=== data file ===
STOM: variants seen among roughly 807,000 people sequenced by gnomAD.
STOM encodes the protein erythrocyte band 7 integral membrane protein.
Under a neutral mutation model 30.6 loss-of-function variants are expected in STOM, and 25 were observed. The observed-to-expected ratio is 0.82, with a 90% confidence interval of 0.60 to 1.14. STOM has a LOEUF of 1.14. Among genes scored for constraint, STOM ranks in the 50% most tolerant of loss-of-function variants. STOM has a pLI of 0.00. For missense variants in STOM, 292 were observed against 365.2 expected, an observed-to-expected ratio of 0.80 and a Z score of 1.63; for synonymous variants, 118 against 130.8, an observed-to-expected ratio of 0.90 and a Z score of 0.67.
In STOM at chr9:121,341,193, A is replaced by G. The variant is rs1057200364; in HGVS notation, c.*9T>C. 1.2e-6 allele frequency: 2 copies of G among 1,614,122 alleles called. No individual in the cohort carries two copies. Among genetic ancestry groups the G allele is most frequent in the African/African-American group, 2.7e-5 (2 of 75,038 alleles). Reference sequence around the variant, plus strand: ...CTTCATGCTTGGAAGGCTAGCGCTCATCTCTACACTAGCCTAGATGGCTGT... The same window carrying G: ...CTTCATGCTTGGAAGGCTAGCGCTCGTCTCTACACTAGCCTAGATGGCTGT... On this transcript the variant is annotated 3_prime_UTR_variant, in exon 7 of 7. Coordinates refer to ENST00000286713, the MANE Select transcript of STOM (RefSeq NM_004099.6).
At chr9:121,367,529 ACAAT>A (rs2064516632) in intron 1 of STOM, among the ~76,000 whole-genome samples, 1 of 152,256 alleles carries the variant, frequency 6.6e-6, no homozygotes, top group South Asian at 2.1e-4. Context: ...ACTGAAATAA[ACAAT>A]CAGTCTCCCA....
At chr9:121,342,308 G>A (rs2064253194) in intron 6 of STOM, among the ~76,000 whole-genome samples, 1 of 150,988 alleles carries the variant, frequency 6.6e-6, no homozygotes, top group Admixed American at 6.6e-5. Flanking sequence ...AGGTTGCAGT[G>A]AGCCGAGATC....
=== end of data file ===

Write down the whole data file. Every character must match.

STOM: variants seen among roughly 807,000 people sequenced by gnomAD.
STOM encodes the protein erythrocyte band 7 integral membrane protein.
Under a neutral mutation model 30.6 loss-of-function variants are expected in STOM, and 25 were observed. The observed-to-expected ratio is 0.82, with a 90% confidence interval of 0.60 to 1.14. STOM has a LOEUF of 1.14. Among genes scored for constraint, STOM ranks in the 50% most tolerant of loss-of-function variants. STOM has a pLI of 0.00. For missense variants in STOM, 292 were observed against 365.2 expected, an observed-to-expected ratio of 0.80 and a Z score of 1.63; for synonymous variants, 118 against 130.8, an observed-to-expected ratio of 0.90 and a Z score of 0.67.
In STOM at chr9:121,341,193, A is replaced by G. The variant is rs1057200364; in HGVS notation, c.*9T>C. 1.2e-6 allele frequency: 2 copies of G among 1,614,122 alleles called. No individual in the cohort carries two copies. Among genetic ancestry groups the G allele is most frequent in the African/African-American group, 2.7e-5 (2 of 75,038 alleles). Reference sequence around the variant, plus strand: ...CTTCATGCTTGGAAGGCTAGCGCTCATCTCTACACTAGCCTAGATGGCTGT... The same window carrying G: ...CTTCATGCTTGGAAGGCTAGCGCTCGTCTCTACACTAGCCTAGATGGCTGT... On this transcript the variant is annotated 3_prime_UTR_variant, in exon 7 of 7. Coordinates refer to ENST00000286713, the MANE Select transcript of STOM (RefSeq NM_004099.6).
At chr9:121,367,529 ACAAT>A (rs2064516632) in intron 1 of STOM, among the ~76,000 whole-genome samples, 1 of 152,256 alleles carries the variant, frequency 6.6e-6, no homozygotes, top group South Asian at 2.1e-4. Context: ...ACTGAAATAA[ACAAT>A]CAGTCTCCCA....
At chr9:121,342,308 G>A (rs2064253194) in intron 6 of STOM, among the ~76,000 whole-genome samples, 1 of 150,988 alleles carries the variant, frequency 6.6e-6, no homozygotes, top group Admixed American at 6.6e-5. Flanking sequence ...AGGTTGCAGT[G>A]AGCCGAGATC....